[co-author: Laura McPhee]
This insight will provide an outline of the role of General Counsel (GC), and describe the ways in which a GC can add value to their corporation from the perspective of the board of directors and senior management.
GCs can use this information to help them communicate to their boards and senior management regarding their role in developing and implementing operational, managerial and financial strategies to facilitate good corporate governance.
What is corporate governance?
Corporate governance is a corporation’s overarching strategy to promote the sustainable growth of shareholder value while still considering the best interest of other stakeholders (including employees, customers, suppliers and creditors). Good corporate governance requires a system of checks and balances that facilitates accountability among the corporation’s management, business units and board of directors. The GC’s role includes managing the development and maintenance of the relationships between these various corporate stakeholders.
What is the GC’s role?
The GC’s main role is to provide legal advice to the corporation; however, the GC often plays other important roles within the corporation as well. These other roles may include:
- Acting as a business partner and corporate officer of the executive management team;
- Leading and managing the in-house legal department;
- Acting as a representative of the corporation when dealing with third parties, including outside counsel; and
- Being a key negotiator for strategic transactions.
The GC’s involvement in any of these roles will likely depend on the size of the organization. For larger corporations, the GC may play more of a manager/advisor role, whereas GCs in smaller organizations may be required to not only lead, but also do the legal work. Regardless of the size of the corporation, there seems to be a trend towards GCs taking on more roles and providing more significant contributions in each of their roles.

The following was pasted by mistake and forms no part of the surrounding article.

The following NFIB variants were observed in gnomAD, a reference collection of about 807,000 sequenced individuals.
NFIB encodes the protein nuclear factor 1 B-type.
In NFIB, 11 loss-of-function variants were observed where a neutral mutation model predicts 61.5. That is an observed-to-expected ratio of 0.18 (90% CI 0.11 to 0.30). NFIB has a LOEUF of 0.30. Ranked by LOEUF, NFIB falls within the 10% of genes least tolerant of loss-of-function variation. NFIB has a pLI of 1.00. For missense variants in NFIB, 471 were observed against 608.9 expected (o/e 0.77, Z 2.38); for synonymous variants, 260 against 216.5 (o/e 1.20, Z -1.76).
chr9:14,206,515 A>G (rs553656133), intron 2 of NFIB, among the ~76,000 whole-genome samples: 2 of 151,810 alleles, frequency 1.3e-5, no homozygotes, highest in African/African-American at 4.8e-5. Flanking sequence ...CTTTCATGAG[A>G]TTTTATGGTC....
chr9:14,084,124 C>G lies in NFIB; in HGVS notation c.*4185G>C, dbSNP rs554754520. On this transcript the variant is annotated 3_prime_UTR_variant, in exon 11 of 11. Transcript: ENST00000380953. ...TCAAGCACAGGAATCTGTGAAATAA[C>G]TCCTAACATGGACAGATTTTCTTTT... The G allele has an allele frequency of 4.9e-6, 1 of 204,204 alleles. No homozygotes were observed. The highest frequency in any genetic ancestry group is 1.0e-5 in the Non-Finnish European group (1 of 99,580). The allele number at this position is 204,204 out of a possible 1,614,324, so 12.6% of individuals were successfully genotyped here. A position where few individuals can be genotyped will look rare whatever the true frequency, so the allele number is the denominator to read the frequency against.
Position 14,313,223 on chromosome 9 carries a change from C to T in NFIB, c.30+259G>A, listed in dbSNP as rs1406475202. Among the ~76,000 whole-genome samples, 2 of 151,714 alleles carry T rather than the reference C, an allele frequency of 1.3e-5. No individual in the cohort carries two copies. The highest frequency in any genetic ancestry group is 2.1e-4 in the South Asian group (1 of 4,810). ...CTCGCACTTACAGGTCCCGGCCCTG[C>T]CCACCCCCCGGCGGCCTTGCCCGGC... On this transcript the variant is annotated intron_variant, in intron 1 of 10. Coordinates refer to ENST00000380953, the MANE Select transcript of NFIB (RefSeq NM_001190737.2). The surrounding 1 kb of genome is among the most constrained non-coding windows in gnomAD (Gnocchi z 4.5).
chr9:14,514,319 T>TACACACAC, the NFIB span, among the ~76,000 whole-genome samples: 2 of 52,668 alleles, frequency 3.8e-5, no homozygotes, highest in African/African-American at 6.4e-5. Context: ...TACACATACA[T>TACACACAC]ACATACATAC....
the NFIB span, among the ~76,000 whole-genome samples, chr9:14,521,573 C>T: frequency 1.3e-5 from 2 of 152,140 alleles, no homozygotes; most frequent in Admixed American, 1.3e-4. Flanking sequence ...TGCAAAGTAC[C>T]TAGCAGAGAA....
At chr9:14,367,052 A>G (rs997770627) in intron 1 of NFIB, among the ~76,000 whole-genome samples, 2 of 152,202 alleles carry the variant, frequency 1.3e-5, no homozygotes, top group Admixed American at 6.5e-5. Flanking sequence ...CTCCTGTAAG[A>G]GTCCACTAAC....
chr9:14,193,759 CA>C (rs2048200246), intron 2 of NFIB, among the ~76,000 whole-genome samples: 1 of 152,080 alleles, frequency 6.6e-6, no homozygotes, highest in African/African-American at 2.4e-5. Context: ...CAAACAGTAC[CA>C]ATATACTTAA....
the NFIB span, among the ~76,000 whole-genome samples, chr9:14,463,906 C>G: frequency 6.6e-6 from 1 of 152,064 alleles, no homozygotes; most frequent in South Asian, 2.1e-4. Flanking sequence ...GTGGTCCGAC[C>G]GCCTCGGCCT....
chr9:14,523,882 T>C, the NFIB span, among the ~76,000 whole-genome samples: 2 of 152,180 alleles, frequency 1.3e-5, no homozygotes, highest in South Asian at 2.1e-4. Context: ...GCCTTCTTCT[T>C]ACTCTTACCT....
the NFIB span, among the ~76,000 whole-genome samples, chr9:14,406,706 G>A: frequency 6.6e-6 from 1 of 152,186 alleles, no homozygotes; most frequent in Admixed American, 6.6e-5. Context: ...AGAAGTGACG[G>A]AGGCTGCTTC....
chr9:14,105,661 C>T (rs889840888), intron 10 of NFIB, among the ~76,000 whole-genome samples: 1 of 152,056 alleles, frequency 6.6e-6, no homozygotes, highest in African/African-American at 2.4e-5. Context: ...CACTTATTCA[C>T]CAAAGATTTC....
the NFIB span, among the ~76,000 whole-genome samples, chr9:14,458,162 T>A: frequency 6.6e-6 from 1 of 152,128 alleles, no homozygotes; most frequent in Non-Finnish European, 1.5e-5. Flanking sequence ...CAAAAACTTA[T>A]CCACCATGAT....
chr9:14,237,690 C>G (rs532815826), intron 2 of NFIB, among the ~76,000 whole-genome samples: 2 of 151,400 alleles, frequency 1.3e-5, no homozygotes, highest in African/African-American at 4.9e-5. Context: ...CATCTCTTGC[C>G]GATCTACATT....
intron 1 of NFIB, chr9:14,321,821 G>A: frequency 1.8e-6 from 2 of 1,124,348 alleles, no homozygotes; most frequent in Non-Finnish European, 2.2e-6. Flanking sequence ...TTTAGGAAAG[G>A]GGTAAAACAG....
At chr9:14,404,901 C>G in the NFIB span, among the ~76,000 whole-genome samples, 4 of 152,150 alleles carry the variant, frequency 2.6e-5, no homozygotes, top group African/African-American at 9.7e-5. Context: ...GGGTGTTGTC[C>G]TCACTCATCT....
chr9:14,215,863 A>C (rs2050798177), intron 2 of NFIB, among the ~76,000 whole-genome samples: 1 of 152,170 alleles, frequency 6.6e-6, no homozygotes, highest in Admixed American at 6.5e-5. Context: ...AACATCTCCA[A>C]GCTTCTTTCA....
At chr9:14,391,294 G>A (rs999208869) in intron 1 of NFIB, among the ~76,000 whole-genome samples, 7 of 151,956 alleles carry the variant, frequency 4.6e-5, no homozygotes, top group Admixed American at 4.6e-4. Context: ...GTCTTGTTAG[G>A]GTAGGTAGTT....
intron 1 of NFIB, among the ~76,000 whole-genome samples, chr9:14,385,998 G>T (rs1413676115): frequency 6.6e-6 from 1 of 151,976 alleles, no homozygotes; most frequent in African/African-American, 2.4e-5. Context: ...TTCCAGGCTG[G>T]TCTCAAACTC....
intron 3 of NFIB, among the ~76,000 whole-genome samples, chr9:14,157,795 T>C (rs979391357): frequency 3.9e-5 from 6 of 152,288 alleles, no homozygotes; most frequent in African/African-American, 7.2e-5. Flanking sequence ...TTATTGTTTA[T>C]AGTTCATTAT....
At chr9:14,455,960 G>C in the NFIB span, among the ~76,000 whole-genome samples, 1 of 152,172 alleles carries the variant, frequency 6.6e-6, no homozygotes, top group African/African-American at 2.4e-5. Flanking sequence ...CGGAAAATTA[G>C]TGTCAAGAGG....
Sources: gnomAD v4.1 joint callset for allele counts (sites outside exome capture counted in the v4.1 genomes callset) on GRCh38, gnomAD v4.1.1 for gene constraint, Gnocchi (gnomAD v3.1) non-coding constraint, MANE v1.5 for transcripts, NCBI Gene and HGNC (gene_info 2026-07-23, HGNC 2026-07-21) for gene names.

As a result of the many roles the GC may play, conflicts can often arise. This is especially true when the GC has to balance being a member of the corporation, a lawyer to the corporation, and maintain a working relationship with the corporation’s managers. However, an understanding of the GC’s role and obligations can help a lawyer navigate these competing demands and a well-informed GC can actually support and promote good corporate governance.
The GC’s role is continuously evolving and there have been substantial changes in the past 20 years. Specifically, GCs’ scope of responsibility is expanding as they become more integrated with the corporate side of the business. As a result, the GC’s role has matured from strictly drafting and advising, to a complex and strategic position that requires the GC to consider a wide array of concerns, including business efficacy, when providing advice. As part of the GC’s integration into the business, the GC’s role as an employee and a member of senior management has also been evolving. As an employee, the GC is often required to be a member of, and manage, a corporate team, which requires a distinct set of skills that are not traditionally associated with lawyering. GCs are also often members of senior management. This provides the GC an opportunity to work closely with other senior managers, which can be advantageous for the GC and the corporation, as it allows the lawyer to develop a close working relationship with the other members of senior management, thereby building trust and confidence in the GC’s advice within a corporation’s various business units.
As technology continues to disrupt and reorganize how business is conducted, GCs are also starting to take on an enterprising role in managing their corporation’s external affairs and reputation. Again, this is a shift away from traditional legal work into a role where the GC is heavily involved in developing corporate strategies, and being the driving force behind corporate politics, public affairs, regulatory matters and ethics.